Horse advocate Ewing testifies for slaughter

From ANIMAL PEOPLE, March 2004:

SPRINGFIELD, Illinois–Donna Ewing, 69,
founder of the Hooved Animal Humane Society in
1971 and the rival Hooved Animal Rescue &
Protection Society in 2001, recently testified
to an executive committee hearing of the Illinois
House of Representatives that horse slaughter for
meat should not be banned.
“Humane societies became involved with
wild horses and stopped ranchers from killing or
culling the wild horses, and the consequence has
been that animals have been kept in concentration
camps at tremendous expense… billions of
dollars, because the humane people said you
cannot kill our wild horses,” Ewing said. “They
need to be controlled to a certain degreeŠIf we
don’t have a place where these animals, the
unwanted horses, the old horses, the sick …
well, they can’t take the sick ones for human
consumption ŠThere’s going to be a glut on the
market. People will be turning their animals
loose and I will be finding dying, starving
horses more than I have been now.

“I urge you to vote no on this bill,”
Ewing continued. “We are the stewards of these
animals. It is our obligation to take care of
them and to see to it that they have a dignified
exit. And the slaughterhouse, which I have
visited and went outside and regurgitated, was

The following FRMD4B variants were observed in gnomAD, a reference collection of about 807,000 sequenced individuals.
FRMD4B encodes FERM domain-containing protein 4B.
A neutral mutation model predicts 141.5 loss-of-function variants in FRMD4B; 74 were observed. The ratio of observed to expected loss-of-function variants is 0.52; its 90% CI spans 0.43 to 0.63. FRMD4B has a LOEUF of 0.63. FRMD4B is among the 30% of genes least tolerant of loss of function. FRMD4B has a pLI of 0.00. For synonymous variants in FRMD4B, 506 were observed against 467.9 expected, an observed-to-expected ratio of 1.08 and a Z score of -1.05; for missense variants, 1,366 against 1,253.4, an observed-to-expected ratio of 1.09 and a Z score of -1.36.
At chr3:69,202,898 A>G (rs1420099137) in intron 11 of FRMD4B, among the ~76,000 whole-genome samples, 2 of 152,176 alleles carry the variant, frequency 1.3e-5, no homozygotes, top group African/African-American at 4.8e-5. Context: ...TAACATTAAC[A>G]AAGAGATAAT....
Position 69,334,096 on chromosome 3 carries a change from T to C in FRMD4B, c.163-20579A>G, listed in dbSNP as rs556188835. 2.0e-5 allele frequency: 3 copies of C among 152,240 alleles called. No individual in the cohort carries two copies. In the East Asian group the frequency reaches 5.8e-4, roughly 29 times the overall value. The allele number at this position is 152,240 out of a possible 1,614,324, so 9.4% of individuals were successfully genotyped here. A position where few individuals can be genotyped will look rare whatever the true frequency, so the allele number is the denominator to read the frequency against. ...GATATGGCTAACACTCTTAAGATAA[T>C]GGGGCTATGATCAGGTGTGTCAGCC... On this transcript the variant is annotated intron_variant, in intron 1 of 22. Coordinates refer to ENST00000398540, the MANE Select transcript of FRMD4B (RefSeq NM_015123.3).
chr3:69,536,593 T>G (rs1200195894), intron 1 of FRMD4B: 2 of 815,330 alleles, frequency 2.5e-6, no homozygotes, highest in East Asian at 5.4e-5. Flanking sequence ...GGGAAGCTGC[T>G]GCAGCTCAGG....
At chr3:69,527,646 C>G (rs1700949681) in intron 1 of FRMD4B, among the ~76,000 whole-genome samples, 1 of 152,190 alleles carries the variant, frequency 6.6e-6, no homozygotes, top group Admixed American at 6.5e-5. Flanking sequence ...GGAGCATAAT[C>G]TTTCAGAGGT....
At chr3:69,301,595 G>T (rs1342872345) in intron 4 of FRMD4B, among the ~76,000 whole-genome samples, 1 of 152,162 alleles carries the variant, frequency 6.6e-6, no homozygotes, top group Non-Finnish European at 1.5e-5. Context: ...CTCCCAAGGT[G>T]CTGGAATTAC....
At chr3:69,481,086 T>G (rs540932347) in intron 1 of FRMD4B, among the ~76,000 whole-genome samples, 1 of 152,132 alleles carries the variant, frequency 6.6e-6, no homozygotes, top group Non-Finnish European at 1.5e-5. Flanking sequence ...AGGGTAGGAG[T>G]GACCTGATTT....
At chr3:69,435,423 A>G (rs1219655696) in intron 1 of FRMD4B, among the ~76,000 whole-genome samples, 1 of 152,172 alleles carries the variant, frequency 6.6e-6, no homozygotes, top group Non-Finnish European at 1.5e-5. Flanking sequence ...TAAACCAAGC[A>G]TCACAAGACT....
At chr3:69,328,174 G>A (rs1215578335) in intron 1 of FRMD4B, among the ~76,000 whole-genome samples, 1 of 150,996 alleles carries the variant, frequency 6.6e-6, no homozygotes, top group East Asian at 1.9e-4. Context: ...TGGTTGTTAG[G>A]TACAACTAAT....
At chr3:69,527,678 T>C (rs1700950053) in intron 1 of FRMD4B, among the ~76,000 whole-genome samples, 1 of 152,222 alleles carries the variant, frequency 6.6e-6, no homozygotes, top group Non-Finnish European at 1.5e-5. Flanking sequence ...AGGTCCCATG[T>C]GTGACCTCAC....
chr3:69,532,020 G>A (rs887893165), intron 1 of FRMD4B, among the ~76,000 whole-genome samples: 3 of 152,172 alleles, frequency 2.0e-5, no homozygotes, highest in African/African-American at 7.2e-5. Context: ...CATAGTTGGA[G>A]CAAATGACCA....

extremely difficult for me to see, but it’s a
reality of life that we cannot bury 200,000
[horses]. Burning them, we’re going to
contaminate the air. Something must be done,
and to use poison to euthanize these animals and
to waste that protein when we have cats and dogs,
and we have the animals in the zoos–this meat
should be used.”
Of opponents of horse slaughter, Ewing
said, “The first thing they are going to do is
say we cannot eat beef, we can’t eat turkey, we
can’t eat anything. And I don’t think it is up
to us to legislate what people can eat.”
Delivered on November 18, 2003, the
taped testimony was obtained and disclosed by
SHARK on January 23, 2004. SHARK has repeatedly
clashed with Ewing over her public defenses of
Ewing and her daughter Ronda were fired
as executive director and horse trainer/office
assistant of the Hooved Animal Humane Society in
June 2001, following prolonged friction with the
board of directors over alleged mismanagement and
failure to designate a successor.
Ewing in April 2001 had filed two
lawsuits against the board, after the board
accused her of taking member and donor lists in
order to start a competing organization.

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